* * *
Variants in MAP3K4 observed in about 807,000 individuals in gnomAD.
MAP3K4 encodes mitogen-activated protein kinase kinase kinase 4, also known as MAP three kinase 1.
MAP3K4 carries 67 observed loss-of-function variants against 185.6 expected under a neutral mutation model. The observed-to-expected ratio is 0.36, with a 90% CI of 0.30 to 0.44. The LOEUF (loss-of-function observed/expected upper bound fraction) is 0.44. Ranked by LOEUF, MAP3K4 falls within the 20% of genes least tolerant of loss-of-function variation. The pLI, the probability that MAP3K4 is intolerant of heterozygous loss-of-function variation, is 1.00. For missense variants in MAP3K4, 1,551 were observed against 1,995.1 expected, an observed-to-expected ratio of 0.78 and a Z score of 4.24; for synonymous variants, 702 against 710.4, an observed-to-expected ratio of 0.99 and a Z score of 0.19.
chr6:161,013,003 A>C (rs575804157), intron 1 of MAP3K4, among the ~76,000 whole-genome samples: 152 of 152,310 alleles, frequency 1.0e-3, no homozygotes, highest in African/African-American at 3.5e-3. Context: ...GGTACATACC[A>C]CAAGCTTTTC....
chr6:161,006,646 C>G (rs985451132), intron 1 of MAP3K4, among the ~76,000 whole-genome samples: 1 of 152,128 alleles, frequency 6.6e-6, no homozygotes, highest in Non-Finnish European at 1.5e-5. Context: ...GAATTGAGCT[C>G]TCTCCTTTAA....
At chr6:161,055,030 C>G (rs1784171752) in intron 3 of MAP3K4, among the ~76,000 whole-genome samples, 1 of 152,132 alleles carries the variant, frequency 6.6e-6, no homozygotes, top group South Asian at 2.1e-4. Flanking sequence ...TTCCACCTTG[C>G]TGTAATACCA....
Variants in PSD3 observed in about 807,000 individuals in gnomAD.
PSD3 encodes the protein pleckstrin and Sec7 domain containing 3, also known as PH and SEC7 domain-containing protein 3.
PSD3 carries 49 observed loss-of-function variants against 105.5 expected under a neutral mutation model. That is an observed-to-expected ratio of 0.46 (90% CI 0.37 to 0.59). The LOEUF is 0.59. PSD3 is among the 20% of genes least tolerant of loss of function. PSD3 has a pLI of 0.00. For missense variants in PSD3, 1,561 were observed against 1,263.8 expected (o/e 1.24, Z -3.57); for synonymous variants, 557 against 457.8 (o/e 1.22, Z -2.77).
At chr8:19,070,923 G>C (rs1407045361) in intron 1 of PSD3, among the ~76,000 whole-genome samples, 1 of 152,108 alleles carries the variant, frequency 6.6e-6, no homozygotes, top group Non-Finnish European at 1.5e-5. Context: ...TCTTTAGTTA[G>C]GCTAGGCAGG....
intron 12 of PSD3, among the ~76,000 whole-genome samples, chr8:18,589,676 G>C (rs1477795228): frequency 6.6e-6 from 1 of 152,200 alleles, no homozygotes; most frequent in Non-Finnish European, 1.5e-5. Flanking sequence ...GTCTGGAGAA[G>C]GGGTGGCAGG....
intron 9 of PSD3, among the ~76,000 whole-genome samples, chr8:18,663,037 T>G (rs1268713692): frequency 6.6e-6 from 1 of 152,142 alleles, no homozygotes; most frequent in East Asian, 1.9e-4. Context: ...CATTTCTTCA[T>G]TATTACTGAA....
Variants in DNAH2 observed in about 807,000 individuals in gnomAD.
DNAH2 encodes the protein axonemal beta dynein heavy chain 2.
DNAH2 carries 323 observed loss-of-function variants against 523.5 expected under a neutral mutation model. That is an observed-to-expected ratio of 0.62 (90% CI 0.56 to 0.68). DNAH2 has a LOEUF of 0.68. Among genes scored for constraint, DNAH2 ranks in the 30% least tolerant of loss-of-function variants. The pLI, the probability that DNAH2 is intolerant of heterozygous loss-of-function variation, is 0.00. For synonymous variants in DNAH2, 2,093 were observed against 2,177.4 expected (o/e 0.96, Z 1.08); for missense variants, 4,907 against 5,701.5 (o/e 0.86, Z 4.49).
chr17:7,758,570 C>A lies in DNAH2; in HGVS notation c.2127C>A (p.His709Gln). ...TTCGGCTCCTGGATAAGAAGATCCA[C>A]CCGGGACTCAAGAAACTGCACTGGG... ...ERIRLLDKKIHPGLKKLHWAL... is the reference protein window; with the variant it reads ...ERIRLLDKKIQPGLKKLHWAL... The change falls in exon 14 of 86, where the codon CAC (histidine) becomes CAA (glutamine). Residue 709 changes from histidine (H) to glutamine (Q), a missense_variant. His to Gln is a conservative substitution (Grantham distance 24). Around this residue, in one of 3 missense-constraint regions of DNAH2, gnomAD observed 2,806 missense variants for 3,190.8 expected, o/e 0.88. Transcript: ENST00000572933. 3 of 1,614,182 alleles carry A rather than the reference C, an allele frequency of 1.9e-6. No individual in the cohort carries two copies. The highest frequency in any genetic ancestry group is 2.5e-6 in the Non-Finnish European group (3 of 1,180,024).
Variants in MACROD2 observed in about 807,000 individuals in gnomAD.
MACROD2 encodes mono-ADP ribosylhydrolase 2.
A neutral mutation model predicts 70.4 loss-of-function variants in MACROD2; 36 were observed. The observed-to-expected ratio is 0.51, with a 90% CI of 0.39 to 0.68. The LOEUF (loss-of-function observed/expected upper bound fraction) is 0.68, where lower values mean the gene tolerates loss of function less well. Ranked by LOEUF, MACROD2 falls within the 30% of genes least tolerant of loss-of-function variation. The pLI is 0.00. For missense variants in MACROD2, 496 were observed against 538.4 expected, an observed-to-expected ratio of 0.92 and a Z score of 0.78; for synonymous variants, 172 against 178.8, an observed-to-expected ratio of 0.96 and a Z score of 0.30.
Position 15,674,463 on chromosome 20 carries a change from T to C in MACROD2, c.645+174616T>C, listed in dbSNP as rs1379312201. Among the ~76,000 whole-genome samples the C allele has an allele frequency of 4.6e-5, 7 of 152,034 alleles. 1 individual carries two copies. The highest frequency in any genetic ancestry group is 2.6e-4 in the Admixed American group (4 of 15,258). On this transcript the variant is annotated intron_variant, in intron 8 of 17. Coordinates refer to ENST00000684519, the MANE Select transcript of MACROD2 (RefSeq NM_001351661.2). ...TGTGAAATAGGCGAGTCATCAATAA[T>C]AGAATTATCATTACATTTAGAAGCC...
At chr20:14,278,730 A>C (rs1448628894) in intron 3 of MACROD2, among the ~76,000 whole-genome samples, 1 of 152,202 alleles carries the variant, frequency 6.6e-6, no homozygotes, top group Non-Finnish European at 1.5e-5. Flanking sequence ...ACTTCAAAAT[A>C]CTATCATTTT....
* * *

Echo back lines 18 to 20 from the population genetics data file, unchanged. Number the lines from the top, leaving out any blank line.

MACROD2 encodes mono-ADP ribosylhydrolase 2.
A neutral mutation model predicts 70.4 loss-of-function variants in MACROD2; 36 were observed. The observed-to-expected ratio is 0.51, with a 90% CI of 0.39 to 0.68. The LOEUF (loss-of-function observed/expected upper bound fraction) is 0.68, where lower values mean the gene tolerates loss of function less well. Ranked by LOEUF, MACROD2 falls within the 30% of genes least tolerant of loss-of-function variation. The pLI is 0.00. For missense variants in MACROD2, 496 were observed against 538.4 expected, an observed-to-expected ratio of 0.92 and a Z score of 0.78; for synonymous variants, 172 against 178.8, an observed-to-expected ratio of 0.96 and a Z score of 0.30.
Position 15,674,463 on chromosome 20 carries a change from T to C in MACROD2, c.645+174616T>C, listed in dbSNP as rs1379312201. Among the ~76,000 whole-genome samples the C allele has an allele frequency of 4.6e-5, 7 of 152,034 alleles. 1 individual carries two copies. The highest frequency in any genetic ancestry group is 2.6e-4 in the Admixed American group (4 of 15,258). On this transcript the variant is annotated intron_variant, in intron 8 of 17. Coordinates refer to ENST00000684519, the MANE Select transcript of MACROD2 (RefSeq NM_001351661.2). ...TGTGAAATAGGCGAGTCATCAATAA[T>C]AGAATTATCATTACATTTAGAAGCC...